The year 2017 marks the sixtieth anniversary of the space age and no doubt the major spacefaring countries of the world will mark this occasion, but it is unlikely that Canada will be among them. For some strange reason, despite its direct involvement in the exploration and exploitation of outer space since the very dawn of the space age, Ottawa seems to have forgotten how much of a role the nation has played in the most dangerous and exciting period of human exploration since Columbus sailed the Atlantic in search of the new world.
Indeed, it seems odd given the investment Canada has made in pushing the boundaries of human knowledge of the upper atmosphere and outer space, that it would not make a similar albeit much more minor investment in creating a permanent record of its achievements, warts and all, for all Canadians to read and consider. While other national space agencies such as the NASA and the ESA routinely record the history of their organizations, Canada and more recently the Canadian Space Agency (CSA) appear content with letting history pass them by. It is an unfortunate and easily corrected state of affairs, if only the government and the CSA would invest more seriously in it.
How much would it cost in the grand scheme of things if the CSA sponsored a historical series along the lines of NASA’s SP history program? Would there not be merit in capturing the experiences and lessons learned of those who led and participated in the very start of Canada’s space program? The development of black brant rockets and the building of the Alouette satellites? The design and the construction of the Canadarm? The origin and evolution of the Canadian Astronaut Office? The design, construction, and launch of RADARSAT-1? The evolution of Canada’s role in the International Space Station?
Since the dawn of Canada’s space program, very little of the country’s achievements in have been examined by scholars and practitioners in any detail. Aside from a few contemporary government publications and a small number of popular books focused mainly on Canada’s astronauts, very little else has been written about the six-decade long Canadian experience in breaking the bonds of the Earth. It is a shadow record and a rather paltry one for a program that is rich in experience and achievement. Simply put, the Canadian space program deserves better from Canada’s space agency as well as from Canada’s historians.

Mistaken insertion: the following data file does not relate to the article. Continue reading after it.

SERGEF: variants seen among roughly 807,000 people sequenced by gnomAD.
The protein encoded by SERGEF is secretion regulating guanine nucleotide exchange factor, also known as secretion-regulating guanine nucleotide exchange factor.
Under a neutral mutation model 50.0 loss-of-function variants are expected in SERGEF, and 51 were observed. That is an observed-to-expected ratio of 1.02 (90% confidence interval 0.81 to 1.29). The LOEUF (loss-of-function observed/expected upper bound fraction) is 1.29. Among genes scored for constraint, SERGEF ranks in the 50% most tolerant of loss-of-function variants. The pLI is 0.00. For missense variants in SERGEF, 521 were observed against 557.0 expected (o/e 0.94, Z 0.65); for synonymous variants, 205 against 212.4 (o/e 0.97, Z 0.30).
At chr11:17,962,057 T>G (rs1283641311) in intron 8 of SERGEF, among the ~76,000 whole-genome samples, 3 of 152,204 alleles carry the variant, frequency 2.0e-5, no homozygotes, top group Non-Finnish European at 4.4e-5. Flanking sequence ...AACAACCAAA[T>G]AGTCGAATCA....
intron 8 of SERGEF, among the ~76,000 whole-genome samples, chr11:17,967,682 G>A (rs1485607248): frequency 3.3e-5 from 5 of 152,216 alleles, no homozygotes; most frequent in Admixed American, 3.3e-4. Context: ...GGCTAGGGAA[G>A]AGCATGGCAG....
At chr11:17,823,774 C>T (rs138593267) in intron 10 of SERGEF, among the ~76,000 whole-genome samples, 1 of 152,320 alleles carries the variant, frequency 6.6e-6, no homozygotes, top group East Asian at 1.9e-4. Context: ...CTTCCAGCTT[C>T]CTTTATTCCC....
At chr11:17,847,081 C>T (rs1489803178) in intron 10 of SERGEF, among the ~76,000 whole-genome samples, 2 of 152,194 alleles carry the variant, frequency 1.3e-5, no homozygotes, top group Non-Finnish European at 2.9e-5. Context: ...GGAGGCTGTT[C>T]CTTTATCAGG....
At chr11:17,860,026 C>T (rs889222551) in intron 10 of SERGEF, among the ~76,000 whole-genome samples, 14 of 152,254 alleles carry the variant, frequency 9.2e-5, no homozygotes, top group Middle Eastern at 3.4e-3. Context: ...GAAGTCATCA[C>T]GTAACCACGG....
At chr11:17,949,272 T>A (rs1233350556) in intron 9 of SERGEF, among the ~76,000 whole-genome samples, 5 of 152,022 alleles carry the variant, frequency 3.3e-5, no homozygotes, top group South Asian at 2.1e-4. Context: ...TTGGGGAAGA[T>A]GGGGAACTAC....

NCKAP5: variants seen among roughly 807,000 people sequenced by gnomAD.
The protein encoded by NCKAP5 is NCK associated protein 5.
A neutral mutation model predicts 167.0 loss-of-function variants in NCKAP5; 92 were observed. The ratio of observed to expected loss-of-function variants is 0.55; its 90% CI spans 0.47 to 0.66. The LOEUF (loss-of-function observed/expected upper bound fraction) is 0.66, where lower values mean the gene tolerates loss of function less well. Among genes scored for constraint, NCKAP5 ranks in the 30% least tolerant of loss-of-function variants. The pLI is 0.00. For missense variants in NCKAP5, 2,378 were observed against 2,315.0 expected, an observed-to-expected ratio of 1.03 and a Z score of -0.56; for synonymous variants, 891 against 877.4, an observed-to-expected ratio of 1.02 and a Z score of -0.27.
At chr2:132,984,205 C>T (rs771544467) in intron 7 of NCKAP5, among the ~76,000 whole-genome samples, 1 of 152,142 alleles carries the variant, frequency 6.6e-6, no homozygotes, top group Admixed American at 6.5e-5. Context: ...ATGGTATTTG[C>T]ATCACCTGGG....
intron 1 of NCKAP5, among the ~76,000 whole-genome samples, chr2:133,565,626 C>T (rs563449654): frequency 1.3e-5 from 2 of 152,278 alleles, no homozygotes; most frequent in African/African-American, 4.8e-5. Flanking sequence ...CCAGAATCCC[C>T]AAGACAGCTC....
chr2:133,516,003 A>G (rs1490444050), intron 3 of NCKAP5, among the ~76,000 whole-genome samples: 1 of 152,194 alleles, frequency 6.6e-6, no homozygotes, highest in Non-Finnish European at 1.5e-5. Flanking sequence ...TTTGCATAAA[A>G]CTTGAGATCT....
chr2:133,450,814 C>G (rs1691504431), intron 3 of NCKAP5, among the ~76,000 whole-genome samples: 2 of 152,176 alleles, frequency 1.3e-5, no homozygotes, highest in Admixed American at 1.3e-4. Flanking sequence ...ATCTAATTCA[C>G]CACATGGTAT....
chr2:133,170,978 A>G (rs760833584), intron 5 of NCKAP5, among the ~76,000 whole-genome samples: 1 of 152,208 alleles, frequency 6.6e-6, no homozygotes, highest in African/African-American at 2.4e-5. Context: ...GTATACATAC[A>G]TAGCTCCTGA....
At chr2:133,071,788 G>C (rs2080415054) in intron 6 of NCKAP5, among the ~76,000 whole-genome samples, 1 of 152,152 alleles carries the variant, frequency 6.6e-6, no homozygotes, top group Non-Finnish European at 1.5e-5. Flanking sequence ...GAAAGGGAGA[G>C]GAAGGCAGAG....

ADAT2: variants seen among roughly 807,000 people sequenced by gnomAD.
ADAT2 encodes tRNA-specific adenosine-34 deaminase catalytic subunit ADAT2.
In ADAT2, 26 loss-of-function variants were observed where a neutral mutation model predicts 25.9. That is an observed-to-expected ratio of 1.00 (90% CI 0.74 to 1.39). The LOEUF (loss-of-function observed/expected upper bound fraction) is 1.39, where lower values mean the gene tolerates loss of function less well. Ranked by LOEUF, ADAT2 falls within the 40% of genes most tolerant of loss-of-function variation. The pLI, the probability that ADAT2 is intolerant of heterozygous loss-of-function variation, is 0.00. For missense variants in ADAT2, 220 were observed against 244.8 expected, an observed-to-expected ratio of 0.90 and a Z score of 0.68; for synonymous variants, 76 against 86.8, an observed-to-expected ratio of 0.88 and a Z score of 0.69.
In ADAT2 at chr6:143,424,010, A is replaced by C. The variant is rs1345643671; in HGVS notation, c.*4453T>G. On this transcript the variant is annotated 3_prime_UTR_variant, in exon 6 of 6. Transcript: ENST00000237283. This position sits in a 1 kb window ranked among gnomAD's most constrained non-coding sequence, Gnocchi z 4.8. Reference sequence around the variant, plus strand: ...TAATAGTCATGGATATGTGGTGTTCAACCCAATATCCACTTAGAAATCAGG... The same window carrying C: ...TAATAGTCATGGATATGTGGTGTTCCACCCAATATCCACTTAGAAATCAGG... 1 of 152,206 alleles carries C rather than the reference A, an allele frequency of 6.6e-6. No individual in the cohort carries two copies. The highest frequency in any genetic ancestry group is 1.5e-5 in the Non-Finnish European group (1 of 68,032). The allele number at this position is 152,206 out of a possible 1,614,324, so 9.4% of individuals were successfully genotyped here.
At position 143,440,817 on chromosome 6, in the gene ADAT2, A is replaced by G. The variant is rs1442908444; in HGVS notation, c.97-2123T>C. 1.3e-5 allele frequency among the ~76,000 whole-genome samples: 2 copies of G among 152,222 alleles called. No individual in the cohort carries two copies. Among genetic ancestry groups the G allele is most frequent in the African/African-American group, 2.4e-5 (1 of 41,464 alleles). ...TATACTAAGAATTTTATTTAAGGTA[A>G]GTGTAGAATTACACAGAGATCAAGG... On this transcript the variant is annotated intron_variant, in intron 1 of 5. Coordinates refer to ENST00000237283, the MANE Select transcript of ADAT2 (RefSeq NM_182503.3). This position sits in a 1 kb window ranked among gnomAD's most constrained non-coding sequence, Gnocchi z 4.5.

The people who pushed Canada into outer space are getting on in years, and sooner or later their memories and experiences will be beyond our reach. Now is the time to capture them, and ensure that future generations of Canadians know from whence their country’s journey into outer space began.
Andrew B. Godefroy is a Canadian space historian and author of ‘Defence & Discovery: Canada’s Military Space Program, 1945-74’ (Vancouver: University of British Columbia Press, 2011) and ‘The Canadian Space Program: From Black Brant to the International Space Station’ (New York: Springer Books, 2017). He is currently researching a biography of Dr. John Herbert Chapman, Canada’s space pioneer for whom the current CSA HQ was named after. He can be reached at firstname.lastname@example.org. The views expressed are the authors.
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Contributed by: Andrew B. Godefroy
Andrew is a Canadian space historian and author of ‘Defence & Discovery: Canada’s Military Space Program, 1945-74’ (Vancouver: University of British Columbia Press, 2011) and ‘The Canadian Space Program: From Black Brant to the International Space Station’ (New York: Springer Books, 2017). He is currently researching a biography of Dr. John Herbert Chapman, Canada’s space pioneer for whom the current CSA HQ was named after. He can be reached at firstname.lastname@example.org.